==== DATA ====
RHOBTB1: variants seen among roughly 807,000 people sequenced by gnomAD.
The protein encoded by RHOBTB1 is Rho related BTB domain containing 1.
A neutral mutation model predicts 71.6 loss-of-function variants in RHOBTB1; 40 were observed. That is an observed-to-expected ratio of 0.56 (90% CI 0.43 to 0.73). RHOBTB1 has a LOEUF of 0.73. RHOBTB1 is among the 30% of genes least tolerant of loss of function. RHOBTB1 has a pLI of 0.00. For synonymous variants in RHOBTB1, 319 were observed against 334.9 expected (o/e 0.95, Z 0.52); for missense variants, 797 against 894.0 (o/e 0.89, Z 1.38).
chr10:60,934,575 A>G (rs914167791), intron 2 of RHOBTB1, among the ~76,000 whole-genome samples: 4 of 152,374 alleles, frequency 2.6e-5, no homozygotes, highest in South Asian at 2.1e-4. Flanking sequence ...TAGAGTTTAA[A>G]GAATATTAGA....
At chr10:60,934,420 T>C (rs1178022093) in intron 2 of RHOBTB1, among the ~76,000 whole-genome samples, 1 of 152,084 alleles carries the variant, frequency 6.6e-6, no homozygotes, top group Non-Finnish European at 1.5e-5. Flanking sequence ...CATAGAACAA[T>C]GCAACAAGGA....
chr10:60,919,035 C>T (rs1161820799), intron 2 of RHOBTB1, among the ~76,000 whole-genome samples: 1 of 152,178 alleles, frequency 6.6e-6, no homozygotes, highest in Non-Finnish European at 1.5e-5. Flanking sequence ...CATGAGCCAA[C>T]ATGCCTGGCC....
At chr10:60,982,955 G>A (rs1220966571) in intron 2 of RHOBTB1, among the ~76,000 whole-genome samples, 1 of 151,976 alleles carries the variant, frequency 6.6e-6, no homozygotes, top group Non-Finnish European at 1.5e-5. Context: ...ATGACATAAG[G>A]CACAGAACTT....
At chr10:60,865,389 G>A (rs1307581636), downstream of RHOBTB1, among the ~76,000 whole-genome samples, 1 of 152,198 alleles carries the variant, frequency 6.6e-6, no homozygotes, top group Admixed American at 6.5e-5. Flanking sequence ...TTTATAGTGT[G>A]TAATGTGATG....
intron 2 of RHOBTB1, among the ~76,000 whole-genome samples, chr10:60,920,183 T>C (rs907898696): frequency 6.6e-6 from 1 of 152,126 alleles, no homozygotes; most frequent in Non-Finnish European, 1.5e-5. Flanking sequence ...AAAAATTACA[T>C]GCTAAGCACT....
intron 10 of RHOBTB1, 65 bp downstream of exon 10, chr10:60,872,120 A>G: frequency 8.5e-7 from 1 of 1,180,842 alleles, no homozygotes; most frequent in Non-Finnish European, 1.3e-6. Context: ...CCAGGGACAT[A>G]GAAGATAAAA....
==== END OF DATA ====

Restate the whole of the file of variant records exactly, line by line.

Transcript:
RHOBTB1: variants seen among roughly 807,000 people sequenced by gnomAD.
The protein encoded by RHOBTB1 is Rho related BTB domain containing 1.
A neutral mutation model predicts 71.6 loss-of-function variants in RHOBTB1; 40 were observed. That is an observed-to-expected ratio of 0.56 (90% CI 0.43 to 0.73). RHOBTB1 has a LOEUF of 0.73. RHOBTB1 is among the 30% of genes least tolerant of loss of function. RHOBTB1 has a pLI of 0.00. For synonymous variants in RHOBTB1, 319 were observed against 334.9 expected (o/e 0.95, Z 0.52); for missense variants, 797 against 894.0 (o/e 0.89, Z 1.38).
chr10:60,934,575 A>G (rs914167791), intron 2 of RHOBTB1, among the ~76,000 whole-genome samples: 4 of 152,374 alleles, frequency 2.6e-5, no homozygotes, highest in South Asian at 2.1e-4. Flanking sequence ...TAGAGTTTAA[A>G]GAATATTAGA....
At chr10:60,934,420 T>C (rs1178022093) in intron 2 of RHOBTB1, among the ~76,000 whole-genome samples, 1 of 152,084 alleles carries the variant, frequency 6.6e-6, no homozygotes, top group Non-Finnish European at 1.5e-5. Flanking sequence ...CATAGAACAA[T>C]GCAACAAGGA....
chr10:60,919,035 C>T (rs1161820799), intron 2 of RHOBTB1, among the ~76,000 whole-genome samples: 1 of 152,178 alleles, frequency 6.6e-6, no homozygotes, highest in Non-Finnish European at 1.5e-5. Flanking sequence ...CATGAGCCAA[C>T]ATGCCTGGCC....
At chr10:60,982,955 G>A (rs1220966571) in intron 2 of RHOBTB1, among the ~76,000 whole-genome samples, 1 of 151,976 alleles carries the variant, frequency 6.6e-6, no homozygotes, top group Non-Finnish European at 1.5e-5. Context: ...ATGACATAAG[G>A]CACAGAACTT....
At chr10:60,865,389 G>A (rs1307581636), downstream of RHOBTB1, among the ~76,000 whole-genome samples, 1 of 152,198 alleles carries the variant, frequency 6.6e-6, no homozygotes, top group Admixed American at 6.5e-5. Flanking sequence ...TTTATAGTGT[G>A]TAATGTGATG....
intron 2 of RHOBTB1, among the ~76,000 whole-genome samples, chr10:60,920,183 T>C (rs907898696): frequency 6.6e-6 from 1 of 152,126 alleles, no homozygotes; most frequent in Non-Finnish European, 1.5e-5. Flanking sequence ...AAAAATTACA[T>C]GCTAAGCACT....
intron 10 of RHOBTB1, 65 bp downstream of exon 10, chr10:60,872,120 A>G: frequency 8.5e-7 from 1 of 1,180,842 alleles, no homozygotes; most frequent in Non-Finnish European, 1.3e-6. Context: ...CCAGGGACAT[A>G]GAAGATAAAA....